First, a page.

I am playing along with Shannon over at Rocks in My Dryer today and sharing a new trick to encourage Isaac to eat a wider variety of food.
Before we even brought Isaac home from the hospital, I came to understand that eating was a major issue in the mother/child relationship. Due to various issues, we came home with a 7 pound baby boy who was both breast-feeding and drinking formula from a medicine cup (don't ask...it was something suggested by a demanding lactation specialist and only a new mommy with little sense would agree to such silliness). Feeding him became the instant purpose for my being those initial weeks.
Fast-forward almost three years later and Isaac is an eating machine. Although he has his picky streaks, he usually eats more in a day than I do. However, he is a bit rigid about what he will eat and how he will eat it. For instance, he (thinks he) cannot eat food combined together (casseroles, hamburgers, etc...). I suppose he likes one single taste rather than a combination of tastes. We have a rule that everything must be given an honest try on his plate, but currently do not make him eat an entire serving of a food he does not care for....although the one bite rule will likely morph into a three bite rule as he ages. Also, he eats what we are eating at supper with usually some extra fruit thrown on his plate.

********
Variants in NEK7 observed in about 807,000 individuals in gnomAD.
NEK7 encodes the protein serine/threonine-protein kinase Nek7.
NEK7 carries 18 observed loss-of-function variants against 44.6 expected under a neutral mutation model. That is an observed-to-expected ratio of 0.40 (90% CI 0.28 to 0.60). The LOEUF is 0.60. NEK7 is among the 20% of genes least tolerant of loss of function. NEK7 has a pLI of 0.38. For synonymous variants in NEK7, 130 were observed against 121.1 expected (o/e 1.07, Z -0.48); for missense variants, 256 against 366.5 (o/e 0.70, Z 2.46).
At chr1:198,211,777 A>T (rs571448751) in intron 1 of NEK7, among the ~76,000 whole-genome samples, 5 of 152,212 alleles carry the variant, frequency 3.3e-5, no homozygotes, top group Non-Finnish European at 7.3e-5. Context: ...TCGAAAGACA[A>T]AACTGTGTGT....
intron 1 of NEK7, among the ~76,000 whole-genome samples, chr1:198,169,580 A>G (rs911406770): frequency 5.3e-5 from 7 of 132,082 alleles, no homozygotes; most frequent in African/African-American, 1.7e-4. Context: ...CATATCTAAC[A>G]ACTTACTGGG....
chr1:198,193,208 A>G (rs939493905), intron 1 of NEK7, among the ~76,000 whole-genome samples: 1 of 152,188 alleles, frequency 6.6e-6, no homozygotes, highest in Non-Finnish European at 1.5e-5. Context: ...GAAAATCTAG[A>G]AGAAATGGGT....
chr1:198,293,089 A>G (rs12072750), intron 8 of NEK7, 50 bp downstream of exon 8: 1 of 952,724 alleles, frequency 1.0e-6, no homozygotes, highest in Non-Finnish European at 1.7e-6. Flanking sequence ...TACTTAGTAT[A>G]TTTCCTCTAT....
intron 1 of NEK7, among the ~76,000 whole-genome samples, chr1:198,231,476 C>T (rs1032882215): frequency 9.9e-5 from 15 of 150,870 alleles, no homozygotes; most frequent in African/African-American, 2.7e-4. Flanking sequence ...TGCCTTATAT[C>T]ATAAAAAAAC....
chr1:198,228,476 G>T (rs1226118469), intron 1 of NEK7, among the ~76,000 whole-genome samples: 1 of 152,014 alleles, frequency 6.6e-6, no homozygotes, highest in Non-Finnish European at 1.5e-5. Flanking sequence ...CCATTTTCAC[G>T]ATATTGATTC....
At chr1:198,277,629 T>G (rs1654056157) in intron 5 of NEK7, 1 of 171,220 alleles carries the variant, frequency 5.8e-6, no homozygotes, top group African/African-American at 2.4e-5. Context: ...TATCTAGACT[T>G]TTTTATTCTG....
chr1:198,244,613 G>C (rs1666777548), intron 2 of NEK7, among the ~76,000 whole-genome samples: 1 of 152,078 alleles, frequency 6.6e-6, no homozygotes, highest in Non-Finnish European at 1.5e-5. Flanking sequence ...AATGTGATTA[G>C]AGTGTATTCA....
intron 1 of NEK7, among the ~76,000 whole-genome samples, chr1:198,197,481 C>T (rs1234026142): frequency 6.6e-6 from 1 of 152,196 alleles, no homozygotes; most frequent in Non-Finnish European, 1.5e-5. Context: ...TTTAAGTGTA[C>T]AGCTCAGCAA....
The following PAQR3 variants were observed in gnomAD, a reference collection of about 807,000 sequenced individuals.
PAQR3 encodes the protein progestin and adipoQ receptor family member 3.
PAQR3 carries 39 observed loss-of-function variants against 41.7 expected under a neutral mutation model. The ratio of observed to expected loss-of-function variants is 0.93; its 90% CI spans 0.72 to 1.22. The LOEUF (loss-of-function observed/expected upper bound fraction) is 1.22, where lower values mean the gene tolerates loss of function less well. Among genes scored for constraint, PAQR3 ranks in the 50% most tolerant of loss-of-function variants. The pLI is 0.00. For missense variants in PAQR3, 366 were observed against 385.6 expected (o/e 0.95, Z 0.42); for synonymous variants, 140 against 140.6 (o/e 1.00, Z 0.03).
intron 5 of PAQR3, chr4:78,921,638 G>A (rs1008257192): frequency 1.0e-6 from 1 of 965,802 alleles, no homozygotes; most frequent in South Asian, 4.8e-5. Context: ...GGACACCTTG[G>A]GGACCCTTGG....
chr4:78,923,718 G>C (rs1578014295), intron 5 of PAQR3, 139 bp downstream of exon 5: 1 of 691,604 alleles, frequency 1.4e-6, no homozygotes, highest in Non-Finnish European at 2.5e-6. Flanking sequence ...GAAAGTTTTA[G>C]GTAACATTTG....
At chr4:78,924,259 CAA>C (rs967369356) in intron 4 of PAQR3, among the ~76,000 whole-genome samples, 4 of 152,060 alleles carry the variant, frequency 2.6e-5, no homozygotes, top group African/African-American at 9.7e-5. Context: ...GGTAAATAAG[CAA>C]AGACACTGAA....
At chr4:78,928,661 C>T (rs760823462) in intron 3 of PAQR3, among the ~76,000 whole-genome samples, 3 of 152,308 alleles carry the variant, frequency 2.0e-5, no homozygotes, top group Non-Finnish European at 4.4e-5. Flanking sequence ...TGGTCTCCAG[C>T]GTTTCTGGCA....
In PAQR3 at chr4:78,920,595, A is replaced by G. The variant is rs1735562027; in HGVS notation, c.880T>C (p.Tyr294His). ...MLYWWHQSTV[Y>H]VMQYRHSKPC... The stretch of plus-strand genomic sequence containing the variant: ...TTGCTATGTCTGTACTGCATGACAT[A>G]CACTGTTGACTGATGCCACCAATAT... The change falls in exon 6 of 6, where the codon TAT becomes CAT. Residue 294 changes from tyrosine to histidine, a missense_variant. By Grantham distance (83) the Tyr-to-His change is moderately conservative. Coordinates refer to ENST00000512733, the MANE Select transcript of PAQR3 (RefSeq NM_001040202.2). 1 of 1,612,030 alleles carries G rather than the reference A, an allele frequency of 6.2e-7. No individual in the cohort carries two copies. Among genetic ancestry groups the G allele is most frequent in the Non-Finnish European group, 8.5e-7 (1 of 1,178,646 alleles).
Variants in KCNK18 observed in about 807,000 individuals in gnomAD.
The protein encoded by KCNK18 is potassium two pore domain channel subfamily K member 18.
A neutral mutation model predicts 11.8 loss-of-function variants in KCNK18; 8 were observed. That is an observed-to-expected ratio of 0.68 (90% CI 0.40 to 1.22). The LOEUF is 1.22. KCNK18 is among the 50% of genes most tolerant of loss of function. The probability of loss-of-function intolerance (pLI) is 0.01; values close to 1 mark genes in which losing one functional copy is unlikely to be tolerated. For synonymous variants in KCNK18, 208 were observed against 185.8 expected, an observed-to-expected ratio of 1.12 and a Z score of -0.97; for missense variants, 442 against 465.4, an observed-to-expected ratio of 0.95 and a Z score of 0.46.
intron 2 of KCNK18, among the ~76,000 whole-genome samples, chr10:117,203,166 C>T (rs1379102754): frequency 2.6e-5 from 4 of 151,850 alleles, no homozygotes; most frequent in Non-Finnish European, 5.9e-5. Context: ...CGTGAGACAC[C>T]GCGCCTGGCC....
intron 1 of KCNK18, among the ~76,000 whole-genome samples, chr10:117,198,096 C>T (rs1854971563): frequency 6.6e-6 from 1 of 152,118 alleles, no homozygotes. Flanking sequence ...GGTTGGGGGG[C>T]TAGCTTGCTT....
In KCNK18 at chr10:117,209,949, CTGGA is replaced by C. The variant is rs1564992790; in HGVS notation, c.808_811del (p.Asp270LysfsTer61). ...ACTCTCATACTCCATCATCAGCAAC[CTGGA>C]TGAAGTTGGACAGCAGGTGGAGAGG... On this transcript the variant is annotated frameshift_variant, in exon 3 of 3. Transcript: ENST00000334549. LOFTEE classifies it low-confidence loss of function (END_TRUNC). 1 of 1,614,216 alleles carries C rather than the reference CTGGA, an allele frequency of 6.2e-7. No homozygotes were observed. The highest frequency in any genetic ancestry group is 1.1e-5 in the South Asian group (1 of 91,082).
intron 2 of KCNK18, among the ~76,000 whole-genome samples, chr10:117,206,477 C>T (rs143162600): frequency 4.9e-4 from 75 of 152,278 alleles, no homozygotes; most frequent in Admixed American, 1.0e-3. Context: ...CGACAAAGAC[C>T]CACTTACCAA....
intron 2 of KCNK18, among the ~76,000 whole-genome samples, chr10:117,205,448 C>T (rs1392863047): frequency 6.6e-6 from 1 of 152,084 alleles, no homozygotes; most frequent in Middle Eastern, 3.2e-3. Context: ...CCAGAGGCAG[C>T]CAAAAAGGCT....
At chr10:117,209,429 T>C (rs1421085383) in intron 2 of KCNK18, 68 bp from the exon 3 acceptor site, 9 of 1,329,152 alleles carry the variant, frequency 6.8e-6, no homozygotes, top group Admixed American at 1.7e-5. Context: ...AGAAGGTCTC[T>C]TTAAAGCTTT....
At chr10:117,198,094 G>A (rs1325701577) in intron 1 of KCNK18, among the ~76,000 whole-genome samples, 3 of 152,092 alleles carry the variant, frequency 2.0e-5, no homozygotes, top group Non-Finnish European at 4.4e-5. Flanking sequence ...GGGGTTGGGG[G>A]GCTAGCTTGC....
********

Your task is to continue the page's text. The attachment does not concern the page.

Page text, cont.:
Enter my new strategy....letting him help with dinner preparation. Isaac has been cooking with me since he was about 17 months old. However, that cooking has usually just centered around baking cookies or cakes. Lately he has been assisting me with the baking of biscuits, pancakes, or muffins for our Saturday morning breakfast time. Now I have also enlisted his help in supper preparation. Such duties have really inspired him to eat new things simply because he cooked them himself.
He is more apt to munch on bell pepper while we make pizza or actually eat turkey on a sandwich rather than picking the whole thing apart. He has a sense of pride when everyone is summoned to the table because he was part of the process that generated the food. Who knows...perhaps this is the beginning of an illustrious career as a chef and his own show (with guest appearances by his astonishingly young looking mother) on the Food Network.
Pull up a chair (or if you have the space and extra cash, buy one of these) and let your kids in on the cooking. It is a test in patience, but it opens the doors of communication, provides ample opportunities to learn, and might inspire that picky child to eat what he/she has created.
Works for me!